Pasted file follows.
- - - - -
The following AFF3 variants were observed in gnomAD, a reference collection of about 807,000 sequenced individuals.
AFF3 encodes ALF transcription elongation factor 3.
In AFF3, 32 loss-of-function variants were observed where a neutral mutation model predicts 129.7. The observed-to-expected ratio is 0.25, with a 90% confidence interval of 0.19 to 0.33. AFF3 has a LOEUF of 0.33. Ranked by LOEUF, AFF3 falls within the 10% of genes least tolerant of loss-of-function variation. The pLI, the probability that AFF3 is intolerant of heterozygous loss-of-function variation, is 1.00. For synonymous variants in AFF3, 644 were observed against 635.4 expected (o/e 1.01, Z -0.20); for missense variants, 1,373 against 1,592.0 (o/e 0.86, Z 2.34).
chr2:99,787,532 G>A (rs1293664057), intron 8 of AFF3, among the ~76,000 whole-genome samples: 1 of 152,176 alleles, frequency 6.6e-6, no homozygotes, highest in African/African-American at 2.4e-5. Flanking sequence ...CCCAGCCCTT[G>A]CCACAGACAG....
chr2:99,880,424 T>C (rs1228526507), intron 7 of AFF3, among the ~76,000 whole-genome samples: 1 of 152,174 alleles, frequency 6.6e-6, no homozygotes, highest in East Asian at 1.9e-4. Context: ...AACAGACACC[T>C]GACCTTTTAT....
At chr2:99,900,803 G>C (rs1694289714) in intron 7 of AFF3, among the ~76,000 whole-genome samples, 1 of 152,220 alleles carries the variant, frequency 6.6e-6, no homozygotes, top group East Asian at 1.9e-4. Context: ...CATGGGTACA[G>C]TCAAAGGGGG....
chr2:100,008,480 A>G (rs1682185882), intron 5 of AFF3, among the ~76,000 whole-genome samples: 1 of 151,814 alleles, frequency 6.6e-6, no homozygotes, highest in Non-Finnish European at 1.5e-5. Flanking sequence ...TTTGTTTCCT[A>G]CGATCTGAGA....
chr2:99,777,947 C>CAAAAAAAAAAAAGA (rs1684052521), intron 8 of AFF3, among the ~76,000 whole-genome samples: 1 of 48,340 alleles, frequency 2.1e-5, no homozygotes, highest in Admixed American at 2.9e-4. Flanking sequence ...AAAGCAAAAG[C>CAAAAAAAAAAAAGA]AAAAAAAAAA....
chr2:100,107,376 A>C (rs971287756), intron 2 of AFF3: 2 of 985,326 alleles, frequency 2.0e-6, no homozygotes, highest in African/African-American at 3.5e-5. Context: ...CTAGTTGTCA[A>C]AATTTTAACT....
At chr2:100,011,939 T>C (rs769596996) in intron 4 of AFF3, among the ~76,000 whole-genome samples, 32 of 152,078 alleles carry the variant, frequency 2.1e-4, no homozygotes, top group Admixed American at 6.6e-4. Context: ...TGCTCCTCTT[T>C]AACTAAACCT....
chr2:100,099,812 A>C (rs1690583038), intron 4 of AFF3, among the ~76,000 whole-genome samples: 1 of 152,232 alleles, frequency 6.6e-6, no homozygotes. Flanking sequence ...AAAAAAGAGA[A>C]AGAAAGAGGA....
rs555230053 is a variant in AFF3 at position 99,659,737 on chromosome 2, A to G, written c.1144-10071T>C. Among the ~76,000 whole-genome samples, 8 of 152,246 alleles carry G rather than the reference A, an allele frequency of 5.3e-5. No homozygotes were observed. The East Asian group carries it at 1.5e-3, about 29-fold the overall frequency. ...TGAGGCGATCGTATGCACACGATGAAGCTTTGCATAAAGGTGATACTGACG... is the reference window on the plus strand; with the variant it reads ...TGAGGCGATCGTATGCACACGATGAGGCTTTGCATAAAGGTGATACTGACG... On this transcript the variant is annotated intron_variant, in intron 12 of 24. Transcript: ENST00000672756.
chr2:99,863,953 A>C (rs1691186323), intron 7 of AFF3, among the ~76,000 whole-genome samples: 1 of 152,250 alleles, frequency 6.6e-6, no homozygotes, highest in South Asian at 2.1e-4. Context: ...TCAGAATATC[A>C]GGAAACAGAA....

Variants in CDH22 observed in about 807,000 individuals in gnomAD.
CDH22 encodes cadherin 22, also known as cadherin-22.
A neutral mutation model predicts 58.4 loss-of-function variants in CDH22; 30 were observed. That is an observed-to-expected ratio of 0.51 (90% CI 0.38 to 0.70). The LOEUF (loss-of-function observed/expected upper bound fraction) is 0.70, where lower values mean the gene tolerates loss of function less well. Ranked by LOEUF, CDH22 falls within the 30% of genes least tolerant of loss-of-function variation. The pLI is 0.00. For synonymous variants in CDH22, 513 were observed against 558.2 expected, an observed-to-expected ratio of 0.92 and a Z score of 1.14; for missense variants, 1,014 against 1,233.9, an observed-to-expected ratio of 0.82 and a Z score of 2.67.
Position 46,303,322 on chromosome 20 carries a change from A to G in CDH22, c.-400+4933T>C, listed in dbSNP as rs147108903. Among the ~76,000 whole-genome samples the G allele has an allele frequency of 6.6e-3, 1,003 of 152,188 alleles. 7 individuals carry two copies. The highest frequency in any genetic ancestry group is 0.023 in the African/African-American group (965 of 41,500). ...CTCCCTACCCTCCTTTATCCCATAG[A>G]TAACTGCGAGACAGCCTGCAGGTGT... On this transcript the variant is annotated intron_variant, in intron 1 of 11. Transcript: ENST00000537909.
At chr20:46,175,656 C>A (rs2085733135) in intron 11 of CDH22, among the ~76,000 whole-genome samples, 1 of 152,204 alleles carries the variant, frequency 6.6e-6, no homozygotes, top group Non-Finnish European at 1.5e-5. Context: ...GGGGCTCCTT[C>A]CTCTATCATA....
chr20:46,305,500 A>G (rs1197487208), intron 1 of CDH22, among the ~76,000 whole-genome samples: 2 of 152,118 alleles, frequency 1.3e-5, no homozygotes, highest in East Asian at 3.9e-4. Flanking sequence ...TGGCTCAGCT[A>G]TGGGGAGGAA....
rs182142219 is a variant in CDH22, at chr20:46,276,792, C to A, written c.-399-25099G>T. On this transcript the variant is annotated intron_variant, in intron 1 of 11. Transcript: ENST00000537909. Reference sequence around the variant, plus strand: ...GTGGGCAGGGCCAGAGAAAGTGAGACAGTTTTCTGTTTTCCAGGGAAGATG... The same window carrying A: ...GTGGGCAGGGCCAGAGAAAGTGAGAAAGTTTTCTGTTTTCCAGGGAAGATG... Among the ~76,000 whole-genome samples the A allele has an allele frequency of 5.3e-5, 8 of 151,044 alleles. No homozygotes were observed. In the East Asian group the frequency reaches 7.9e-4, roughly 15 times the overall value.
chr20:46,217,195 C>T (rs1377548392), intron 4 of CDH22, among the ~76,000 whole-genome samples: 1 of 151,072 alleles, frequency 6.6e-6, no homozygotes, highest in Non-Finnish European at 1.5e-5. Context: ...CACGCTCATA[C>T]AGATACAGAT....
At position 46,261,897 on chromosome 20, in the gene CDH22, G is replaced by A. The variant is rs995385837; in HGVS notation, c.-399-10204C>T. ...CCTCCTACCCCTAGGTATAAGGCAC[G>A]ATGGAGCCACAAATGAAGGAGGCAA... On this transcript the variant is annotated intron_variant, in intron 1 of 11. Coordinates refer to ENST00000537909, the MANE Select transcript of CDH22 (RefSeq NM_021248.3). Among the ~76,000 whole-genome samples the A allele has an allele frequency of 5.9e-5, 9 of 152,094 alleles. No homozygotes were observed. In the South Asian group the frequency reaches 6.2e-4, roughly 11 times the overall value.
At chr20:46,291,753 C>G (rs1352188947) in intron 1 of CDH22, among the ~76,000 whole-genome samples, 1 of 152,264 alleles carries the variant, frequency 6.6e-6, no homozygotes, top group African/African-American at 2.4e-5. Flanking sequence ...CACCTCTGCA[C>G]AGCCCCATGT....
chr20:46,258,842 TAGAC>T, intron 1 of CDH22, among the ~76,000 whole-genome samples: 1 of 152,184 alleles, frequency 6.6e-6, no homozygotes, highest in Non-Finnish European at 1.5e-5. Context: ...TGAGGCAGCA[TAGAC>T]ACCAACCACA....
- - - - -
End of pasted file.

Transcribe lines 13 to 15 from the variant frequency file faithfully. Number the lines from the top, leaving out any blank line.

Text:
chr2:99,863,953 A>C (rs1691186323), intron 7 of AFF3, among the ~76,000 whole-genome samples: 1 of 152,250 alleles, frequency 6.6e-6, no homozygotes, highest in South Asian at 2.1e-4. Context: ...TCAGAATATC[A>C]GGAAACAGAA....

Variants in CDH22 observed in about 807,000 individuals in gnomAD.
CDH22 encodes cadherin 22, also known as cadherin-22.